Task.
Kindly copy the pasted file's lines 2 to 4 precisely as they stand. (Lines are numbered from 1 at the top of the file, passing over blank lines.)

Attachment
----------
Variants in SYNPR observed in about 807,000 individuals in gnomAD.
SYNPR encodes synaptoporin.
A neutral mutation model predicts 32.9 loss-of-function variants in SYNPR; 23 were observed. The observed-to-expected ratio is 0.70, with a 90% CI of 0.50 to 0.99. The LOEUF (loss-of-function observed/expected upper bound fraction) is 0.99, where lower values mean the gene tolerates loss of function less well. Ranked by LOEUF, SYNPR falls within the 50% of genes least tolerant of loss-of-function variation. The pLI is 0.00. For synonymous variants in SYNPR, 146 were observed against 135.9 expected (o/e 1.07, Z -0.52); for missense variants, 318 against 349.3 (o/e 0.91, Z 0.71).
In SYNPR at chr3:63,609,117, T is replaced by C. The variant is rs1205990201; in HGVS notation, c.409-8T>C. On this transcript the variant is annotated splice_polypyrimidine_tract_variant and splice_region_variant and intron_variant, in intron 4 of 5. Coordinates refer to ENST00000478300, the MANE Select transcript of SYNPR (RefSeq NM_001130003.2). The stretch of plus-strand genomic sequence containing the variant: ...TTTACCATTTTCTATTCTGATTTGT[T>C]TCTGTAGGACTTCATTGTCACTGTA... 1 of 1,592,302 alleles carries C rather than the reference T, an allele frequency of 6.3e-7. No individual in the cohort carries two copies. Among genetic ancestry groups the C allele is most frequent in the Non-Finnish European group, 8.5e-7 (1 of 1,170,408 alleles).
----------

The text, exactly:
SYNPR encodes synaptoporin.
A neutral mutation model predicts 32.9 loss-of-function variants in SYNPR; 23 were observed. The observed-to-expected ratio is 0.70, with a 90% CI of 0.50 to 0.99. The LOEUF (loss-of-function observed/expected upper bound fraction) is 0.99, where lower values mean the gene tolerates loss of function less well. Ranked by LOEUF, SYNPR falls within the 50% of genes least tolerant of loss-of-function variation. The pLI is 0.00. For synonymous variants in SYNPR, 146 were observed against 135.9 expected (o/e 1.07, Z -0.52); for missense variants, 318 against 349.3 (o/e 0.91, Z 0.71).
In SYNPR at chr3:63,609,117, T is replaced by C. The variant is rs1205990201; in HGVS notation, c.409-8T>C. On this transcript the variant is annotated splice_polypyrimidine_tract_variant and splice_region_variant and intron_variant, in intron 4 of 5. Coordinates refer to ENST00000478300, the MANE Select transcript of SYNPR (RefSeq NM_001130003.2). The stretch of plus-strand genomic sequence containing the variant: ...TTTACCATTTTCTATTCTGATTTGT[T>C]TCTGTAGGACTTCATTGTCACTGTA... 1 of 1,592,302 alleles carries C rather than the reference T, an allele frequency of 6.3e-7. No individual in the cohort carries two copies. Among genetic ancestry groups the C allele is most frequent in the Non-Finnish European group, 8.5e-7 (1 of 1,170,408 alleles).